Handmade Conversations — Learning to Crochet with Deb Burger

Posted by on Nov 06, 2012

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The idea of learning how to crochet can inspire thoughts of nights focused around a skein of yarn and a fast-moving crochet hook. But learning the craft can also mean hours of frustration trying to learn the terminology, getting fingers into shape, etc. Deb Burger, author of "Crochet 101: Master Basic Skills and Techniques Easily through Step-by-Step Instruction," tells even absolute beginners how to learn to crochet in this detailed interview.

beginner crochet flower
You write those new to crochet are "training the muscles of their hands and fingers." Why is muscle memory important?

Many people don't realize that learning a new "hand skill" is very like learning a new sport or a musical instrument. They are all activities that use certain groups of muscles in repeated patterns of motion. However, after hundreds of repetitions, those motions become "automatic." 

And here's the reason it's so important: paying intense concentration is hard work ... not much fun. Investing time in enough repetitions to develop muscle memory allows the new skill to move from the "hard work" category to the "relaxation and fun" category of items in our days. When learning a new skill, the best way to develop muscle memory for that skill is to do several fairly short (15-30 minute) practice sessions each day.

What is a common reason someone gives up learning to crochet? Any tips for overcoming this?

In my experience, there are two main reasons that some people give up on learning to crochet. The first is inadequate or inappropriate instruction. Many people have tried to learn from a family member or friend who was an accomplished crocheter but not a talented teacher; and they experienced frustration in not being able to "get it" from the loving guidance of this obvious expert.

The second reason some people quit in frustration is unrealistic expectation. Most adults, whether we're willing to admit it or not, have a fairly well-developed fear of failure. The most effective way to combat this whole dynamic is to "give yourself permission" to be a beginner. Progress slowly; make ridiculous mistakes (often repeatedly), and have results that are not yet perfect.

Reading a crochet pattern is often very difficult due to abbreviations and specialized vocab. Any advice?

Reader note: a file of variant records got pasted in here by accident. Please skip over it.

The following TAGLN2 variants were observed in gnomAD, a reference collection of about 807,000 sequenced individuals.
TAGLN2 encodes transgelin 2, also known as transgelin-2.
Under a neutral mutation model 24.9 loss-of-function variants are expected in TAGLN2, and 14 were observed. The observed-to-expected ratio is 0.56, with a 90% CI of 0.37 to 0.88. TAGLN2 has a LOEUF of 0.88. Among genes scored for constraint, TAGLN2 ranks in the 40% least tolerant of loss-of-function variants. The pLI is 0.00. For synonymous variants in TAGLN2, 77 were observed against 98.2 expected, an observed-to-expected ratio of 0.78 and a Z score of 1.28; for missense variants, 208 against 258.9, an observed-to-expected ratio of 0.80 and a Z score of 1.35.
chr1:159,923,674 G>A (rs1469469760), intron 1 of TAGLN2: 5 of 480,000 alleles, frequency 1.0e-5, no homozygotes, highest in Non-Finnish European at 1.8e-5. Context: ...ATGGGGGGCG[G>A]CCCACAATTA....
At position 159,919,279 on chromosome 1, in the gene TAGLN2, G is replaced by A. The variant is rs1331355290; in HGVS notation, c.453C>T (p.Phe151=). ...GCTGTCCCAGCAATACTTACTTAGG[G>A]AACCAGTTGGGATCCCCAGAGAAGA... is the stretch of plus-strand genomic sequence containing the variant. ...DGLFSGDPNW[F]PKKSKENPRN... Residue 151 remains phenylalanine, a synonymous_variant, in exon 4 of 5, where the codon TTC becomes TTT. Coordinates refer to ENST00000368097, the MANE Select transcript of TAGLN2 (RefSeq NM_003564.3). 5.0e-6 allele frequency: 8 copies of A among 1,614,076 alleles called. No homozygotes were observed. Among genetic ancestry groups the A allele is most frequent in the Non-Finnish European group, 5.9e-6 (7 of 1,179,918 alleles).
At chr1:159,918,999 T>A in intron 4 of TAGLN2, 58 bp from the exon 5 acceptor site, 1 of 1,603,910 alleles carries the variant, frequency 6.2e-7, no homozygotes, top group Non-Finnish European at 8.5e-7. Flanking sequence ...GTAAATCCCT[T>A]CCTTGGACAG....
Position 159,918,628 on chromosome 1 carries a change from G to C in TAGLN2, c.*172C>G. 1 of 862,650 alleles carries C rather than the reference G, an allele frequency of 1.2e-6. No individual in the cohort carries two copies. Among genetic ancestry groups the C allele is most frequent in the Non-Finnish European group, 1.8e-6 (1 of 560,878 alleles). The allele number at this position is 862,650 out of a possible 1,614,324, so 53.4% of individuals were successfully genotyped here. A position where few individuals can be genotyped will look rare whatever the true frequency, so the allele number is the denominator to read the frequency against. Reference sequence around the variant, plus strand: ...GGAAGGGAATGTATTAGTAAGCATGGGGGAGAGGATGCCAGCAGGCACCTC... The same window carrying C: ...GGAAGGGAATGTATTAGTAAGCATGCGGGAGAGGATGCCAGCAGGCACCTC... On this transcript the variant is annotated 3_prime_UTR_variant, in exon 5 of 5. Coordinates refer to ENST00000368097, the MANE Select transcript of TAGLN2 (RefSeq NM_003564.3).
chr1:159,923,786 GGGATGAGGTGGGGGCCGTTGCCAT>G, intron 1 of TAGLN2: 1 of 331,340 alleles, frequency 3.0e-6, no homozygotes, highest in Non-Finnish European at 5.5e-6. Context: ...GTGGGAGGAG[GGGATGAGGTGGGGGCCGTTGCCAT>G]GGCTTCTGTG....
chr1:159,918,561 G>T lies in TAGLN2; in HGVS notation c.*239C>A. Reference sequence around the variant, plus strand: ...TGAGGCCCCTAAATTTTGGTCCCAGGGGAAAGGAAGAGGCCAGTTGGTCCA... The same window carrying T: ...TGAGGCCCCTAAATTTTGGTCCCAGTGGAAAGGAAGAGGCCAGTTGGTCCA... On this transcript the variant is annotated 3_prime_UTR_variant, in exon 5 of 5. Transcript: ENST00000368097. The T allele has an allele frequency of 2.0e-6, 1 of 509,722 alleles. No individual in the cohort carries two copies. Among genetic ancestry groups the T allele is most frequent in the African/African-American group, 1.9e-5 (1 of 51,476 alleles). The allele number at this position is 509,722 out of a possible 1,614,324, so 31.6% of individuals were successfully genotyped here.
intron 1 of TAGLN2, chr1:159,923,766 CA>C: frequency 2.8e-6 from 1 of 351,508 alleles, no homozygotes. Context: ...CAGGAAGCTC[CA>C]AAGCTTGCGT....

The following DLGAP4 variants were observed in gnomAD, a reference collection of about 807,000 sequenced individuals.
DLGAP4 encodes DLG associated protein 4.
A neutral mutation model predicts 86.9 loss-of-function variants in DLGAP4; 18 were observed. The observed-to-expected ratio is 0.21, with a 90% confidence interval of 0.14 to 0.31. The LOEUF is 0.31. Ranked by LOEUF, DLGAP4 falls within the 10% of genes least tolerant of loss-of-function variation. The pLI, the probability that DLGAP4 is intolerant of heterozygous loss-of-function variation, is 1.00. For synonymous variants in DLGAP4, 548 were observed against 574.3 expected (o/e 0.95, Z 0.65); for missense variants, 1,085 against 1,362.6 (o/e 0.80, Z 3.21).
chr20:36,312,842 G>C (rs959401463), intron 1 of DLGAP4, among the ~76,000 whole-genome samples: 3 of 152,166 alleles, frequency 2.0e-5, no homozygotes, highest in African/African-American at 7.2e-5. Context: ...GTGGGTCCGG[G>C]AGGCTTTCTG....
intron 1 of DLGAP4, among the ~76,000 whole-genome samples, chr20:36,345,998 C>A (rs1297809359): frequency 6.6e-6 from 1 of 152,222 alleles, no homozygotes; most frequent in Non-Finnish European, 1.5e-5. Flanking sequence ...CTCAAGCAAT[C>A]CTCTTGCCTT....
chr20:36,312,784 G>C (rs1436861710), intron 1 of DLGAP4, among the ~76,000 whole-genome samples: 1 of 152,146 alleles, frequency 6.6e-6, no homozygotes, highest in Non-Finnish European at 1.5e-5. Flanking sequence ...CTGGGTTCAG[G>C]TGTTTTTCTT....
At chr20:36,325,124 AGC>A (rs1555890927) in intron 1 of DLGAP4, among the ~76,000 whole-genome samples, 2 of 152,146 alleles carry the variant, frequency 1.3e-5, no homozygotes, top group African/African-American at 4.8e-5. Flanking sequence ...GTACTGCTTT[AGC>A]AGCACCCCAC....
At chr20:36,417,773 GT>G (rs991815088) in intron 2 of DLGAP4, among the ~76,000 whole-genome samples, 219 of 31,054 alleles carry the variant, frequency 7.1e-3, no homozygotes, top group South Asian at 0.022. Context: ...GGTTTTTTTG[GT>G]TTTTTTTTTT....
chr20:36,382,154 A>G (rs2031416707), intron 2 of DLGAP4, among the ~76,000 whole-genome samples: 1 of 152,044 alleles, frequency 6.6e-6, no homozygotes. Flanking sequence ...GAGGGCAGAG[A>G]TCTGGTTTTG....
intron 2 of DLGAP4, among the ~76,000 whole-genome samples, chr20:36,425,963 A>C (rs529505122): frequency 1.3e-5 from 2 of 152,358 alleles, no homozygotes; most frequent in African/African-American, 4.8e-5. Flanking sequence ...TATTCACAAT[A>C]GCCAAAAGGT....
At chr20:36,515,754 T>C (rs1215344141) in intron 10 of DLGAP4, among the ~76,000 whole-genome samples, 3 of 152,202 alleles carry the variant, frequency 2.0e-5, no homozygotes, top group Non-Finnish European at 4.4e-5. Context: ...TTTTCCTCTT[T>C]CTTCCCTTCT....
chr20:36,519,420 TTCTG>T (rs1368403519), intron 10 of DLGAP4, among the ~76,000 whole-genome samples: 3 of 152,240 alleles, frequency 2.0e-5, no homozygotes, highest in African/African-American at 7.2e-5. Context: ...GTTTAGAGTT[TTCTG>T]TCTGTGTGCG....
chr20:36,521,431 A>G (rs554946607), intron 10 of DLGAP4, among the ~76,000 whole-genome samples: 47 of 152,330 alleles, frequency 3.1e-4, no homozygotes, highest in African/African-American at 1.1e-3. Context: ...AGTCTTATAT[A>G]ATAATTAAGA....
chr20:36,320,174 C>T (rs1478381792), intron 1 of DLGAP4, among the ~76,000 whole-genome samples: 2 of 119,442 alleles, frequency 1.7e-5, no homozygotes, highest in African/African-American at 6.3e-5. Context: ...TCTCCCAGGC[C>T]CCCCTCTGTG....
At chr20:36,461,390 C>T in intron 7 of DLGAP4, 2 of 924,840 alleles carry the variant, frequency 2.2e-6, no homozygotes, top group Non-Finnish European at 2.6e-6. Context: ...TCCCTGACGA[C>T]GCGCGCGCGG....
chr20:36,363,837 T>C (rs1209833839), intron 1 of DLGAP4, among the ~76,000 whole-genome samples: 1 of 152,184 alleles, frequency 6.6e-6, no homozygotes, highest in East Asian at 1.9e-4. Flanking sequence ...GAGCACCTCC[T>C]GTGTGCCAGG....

I find it helpful to keep the list of stitch abbreviations handy, to refer to it as needed. This was especially true for me when I was learning to read stitch diagrams.

Here are some tips, in addition to keeping the list handy:
1. If you relate well to hearing directions aloud, then feel free to read them aloud to yourself! If you prefer reading written words, then feel free to write out the words, translating from abbreviations, and work from your own written, long-hand version. If you prefer pictures, then work from the chart, or use the written words to draw your own chart for a particular row or bit of the stitching that seems difficult. Some people find it helpful to assign a highlighter color to different types of stitches, mark those in the pattern, and "crochet by color."

2. Take it slowly. There is absolutely no prize for finishing first! Familiarity will grow, but it is not the magic beanstalk and will not grow overnight.
beginner crochet blanket
3. Be careful to use correct names for stitches in your own mind. When I hear crocheters using terms like "single chain" instead of "single crochet," "space thingie" instead of "ch-3 space," I know to expect that this person is likely to struggle with remembering the abbreviations and relating to the written instructions. It is easier to read the written language of crochet, if we are speaking the spoken language accurately.

4. Gradually find the level of comfort you can with a type of directions, and beyond that, accept your own limitations. One of my daughters, a highly intelligent and creative young woman, crochets beautifully and makes lovely items for herself and her family, but she has a learning disability that inhibits her use of written or chart patterns. She can draw a picture and then crochet the item, she can watch a pattern stitch or technique and then repeat it easily, but she cannot, and never has been able to learn to, read a pattern unless every word of every repeat is written out. She is at peace with this evidence that she's only human and has limits, and she enjoys her crochet.

What is the best way to tell if tension is right when learning to crochet?

When tension is loose enough, the hook does not fight to get into stitches, or to pull a loop back through the work. There is no fight to pull through a loop through another one already on the hook. When tension is tight enough, the top of a stitch does not collapse down over the vertical part of the stitch; the parts of the stitch (sideways V at the top, post or vertical legs, horizontal bar on back of hdc, etc.) are clearly visible; and there are no unwanted holes in the fabric. Correct tension means that the yarn is just taut enough to be hooked and pulled by the hook, and that the hands, arms and shoulders are relaxed.

Looking at completed work, correctly tensioned stitches will have a ratio: a double crochet will be twice as tall as a single crochet, and a treble as tall as 3 single crochets. Each single crochet is just slightly wider than tall, with about 4 rows equal to about the width of 3 stitches. Short, squatty stitches are a sign of tension too tight in the middle steps of the stitch.

Image credits (from top): Flickr.com/PinkIsCoco, Flickr.com/DumbleDad and Flickr.com/Twilight_Taggers

cover of crochet 101
Deb Burger is the author of "Crochet 101: Master Basic Skills and Techniques Easily through Step-by-Step Instruction," published by Creative Publishing international.

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